Why does the term “LARP” make certain people cringe?
The term LARP is often met with disfavor in groups like the SCA and many people become upset when they hear the SCA described as a LARP. A large part of the issue comes from the public’s perception of LARP and the people who play LARP games. LARP has held a stigma in society since the eighties when movies such as “Mazes and Monsters” and books like “The Game Master” gave many people the perception that LARP was a secretive game played by people on the fringes of society. At the time most people had limited access to information about LARP games and as a result the media found it easy to paint LARP as the “boogeyman” out to corrupt the minds of its players. Many years have passed, but this stigma still exists. Where the media once used LARP games as precautionary tales, modern media paints LARP in an almost humorous or childish light with movies such as “Role Models”. It is reasonable to assume the average modern SCA member is informed enough to grin at such public perceptions, but this negative stereotype can still hurt recruitment with the general public who are not as use to the concept. Further complicating the issue is the fact that many LARP games involve a higher level of fantasy elements (monsters, magic, etc.) not common to more low fantasy/historical based groups like the SCA. While the SCA is not purely historically correct, many SCA members do not want to be associated with dragons, wizards, and elves. LARP games also allow players to replace real world ability with fictional skills. Instead of spending hours at practice learning to fight or perfect a craft, a LARP player can simply buy a fictional ability giving them similar advantage in the “game”. Often people feel calling the SCA a LARP lessens the dedication and time invested in SCA activities. The level of differences between a given LARP and the SCA will differ from LARP group to LARP group, but the perception is still there. Combine all these elements and it is easy to understand why the average SCA group will shy away from association with LARP. While increased public exposure to LARP has lessened this stigma over time, people are still gun shy about associated group like the SCA with LARP games. In turn many in the SCA seek to separate the SCA from LARP as much as possible to prevent any connection with the negative stereotypes of LARP. Sadly this can also result in alienation of LARP players and in turn rob the SCA of possible new members.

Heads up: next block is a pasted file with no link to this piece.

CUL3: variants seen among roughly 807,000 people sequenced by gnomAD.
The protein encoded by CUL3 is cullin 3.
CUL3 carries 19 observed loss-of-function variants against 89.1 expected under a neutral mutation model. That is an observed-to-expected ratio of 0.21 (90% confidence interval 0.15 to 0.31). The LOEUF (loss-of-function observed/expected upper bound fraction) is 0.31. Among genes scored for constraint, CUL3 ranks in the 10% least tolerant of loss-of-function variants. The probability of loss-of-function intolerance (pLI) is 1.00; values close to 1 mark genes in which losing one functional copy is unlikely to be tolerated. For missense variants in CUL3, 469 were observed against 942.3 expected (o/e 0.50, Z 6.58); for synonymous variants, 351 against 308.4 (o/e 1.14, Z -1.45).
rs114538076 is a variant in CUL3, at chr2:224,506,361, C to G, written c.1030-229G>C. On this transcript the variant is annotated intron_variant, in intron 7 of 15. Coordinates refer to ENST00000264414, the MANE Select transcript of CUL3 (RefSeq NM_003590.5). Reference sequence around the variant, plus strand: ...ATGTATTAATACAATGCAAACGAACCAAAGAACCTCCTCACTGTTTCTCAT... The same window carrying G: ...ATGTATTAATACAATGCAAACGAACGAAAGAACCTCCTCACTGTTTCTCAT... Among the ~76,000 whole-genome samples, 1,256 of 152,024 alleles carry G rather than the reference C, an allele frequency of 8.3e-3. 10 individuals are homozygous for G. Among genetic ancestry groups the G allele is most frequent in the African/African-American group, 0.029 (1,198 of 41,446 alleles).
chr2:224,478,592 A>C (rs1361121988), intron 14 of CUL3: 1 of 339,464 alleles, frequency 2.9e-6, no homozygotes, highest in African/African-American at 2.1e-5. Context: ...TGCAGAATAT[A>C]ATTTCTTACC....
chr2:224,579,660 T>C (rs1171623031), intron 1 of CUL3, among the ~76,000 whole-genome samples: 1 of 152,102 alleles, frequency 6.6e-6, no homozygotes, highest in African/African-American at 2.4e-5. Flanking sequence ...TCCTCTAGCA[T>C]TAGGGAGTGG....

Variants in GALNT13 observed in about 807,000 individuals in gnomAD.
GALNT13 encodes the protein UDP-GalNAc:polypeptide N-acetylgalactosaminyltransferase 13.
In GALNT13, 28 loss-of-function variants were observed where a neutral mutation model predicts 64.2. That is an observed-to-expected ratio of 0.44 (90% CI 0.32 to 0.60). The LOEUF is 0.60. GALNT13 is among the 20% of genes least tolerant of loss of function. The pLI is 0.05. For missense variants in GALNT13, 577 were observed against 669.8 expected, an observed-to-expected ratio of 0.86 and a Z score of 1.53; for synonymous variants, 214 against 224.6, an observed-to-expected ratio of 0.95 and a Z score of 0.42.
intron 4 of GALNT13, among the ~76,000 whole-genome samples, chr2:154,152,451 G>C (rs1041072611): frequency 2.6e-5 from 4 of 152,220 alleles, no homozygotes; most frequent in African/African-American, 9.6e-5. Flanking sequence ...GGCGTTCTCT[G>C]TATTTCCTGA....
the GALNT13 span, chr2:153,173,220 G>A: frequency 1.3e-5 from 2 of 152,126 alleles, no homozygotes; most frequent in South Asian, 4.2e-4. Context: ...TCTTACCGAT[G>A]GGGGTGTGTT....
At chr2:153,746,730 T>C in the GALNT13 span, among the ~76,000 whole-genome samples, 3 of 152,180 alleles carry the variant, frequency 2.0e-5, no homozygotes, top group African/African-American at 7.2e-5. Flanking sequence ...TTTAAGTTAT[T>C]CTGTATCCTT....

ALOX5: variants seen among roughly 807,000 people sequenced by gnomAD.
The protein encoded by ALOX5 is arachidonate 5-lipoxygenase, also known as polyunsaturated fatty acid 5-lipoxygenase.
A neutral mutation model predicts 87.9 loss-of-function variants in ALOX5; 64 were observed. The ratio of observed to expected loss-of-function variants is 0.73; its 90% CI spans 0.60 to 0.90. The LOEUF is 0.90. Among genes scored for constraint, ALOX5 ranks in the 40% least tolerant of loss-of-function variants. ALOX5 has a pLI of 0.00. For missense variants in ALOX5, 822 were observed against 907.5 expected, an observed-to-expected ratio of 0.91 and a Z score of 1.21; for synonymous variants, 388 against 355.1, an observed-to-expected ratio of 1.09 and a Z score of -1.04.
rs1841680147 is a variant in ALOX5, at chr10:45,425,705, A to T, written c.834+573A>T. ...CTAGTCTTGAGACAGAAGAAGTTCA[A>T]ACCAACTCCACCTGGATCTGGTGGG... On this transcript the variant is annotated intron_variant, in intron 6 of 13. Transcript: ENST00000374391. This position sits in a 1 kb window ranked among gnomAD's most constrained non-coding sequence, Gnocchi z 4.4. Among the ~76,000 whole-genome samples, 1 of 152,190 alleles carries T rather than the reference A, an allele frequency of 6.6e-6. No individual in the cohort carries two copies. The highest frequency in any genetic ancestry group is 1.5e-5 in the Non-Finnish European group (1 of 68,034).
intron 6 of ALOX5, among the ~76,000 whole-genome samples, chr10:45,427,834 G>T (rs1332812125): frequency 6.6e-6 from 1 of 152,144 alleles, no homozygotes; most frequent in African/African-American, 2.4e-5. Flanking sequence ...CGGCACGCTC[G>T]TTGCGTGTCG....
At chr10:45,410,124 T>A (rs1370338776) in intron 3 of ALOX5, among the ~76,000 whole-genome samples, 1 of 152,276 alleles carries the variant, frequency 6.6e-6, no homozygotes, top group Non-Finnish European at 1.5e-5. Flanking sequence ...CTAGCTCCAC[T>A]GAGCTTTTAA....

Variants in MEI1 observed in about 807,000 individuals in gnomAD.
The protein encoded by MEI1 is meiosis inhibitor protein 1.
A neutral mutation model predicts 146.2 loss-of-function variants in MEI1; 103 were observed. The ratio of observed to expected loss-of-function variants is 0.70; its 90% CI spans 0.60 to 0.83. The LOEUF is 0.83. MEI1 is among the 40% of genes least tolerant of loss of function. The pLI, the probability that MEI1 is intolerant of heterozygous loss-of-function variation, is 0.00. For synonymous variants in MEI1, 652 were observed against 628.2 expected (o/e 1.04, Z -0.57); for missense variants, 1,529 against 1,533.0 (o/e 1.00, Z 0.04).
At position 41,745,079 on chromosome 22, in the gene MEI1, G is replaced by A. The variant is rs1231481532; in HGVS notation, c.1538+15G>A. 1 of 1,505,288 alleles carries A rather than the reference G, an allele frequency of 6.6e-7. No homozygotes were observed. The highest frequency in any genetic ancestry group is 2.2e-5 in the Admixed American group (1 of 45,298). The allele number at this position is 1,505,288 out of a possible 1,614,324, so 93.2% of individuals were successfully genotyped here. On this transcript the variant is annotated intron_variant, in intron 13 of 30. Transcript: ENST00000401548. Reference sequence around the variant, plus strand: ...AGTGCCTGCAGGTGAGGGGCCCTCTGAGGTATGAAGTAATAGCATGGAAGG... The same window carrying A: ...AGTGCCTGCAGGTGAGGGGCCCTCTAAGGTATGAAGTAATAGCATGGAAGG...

Is the SCA a LARP?
Looking at the SCA using the simple description of LARP mentioned earlier, one might see the confusion newcomers have when looking at the SCA; participants assuming the roles of fictional characters, acting out the lives of these character in a live setting, and doing so with a mutually agreed upon set of rules. On the surface the average SCA event does not look all that different from the average LARP event. However the SCA is only considered a LARP if you stop at the point of simple surface comparison and fail to include the many aspects that make the SCA unique from other activities. Is the SCA a LARP? No, it is the SCA. Part of the problem is that the term “LARP” is an outdated concept that no longer adequately describes the activities (including most LARP games) that get lumped under the LARP “umbrella”. It’s no different than trying to describe every athletic activity as simply “sport”. The interesting fact is that even groups closer to the general description of LARP dislike being called a LARP and all for the same reasons that many in the SCA dislike the label.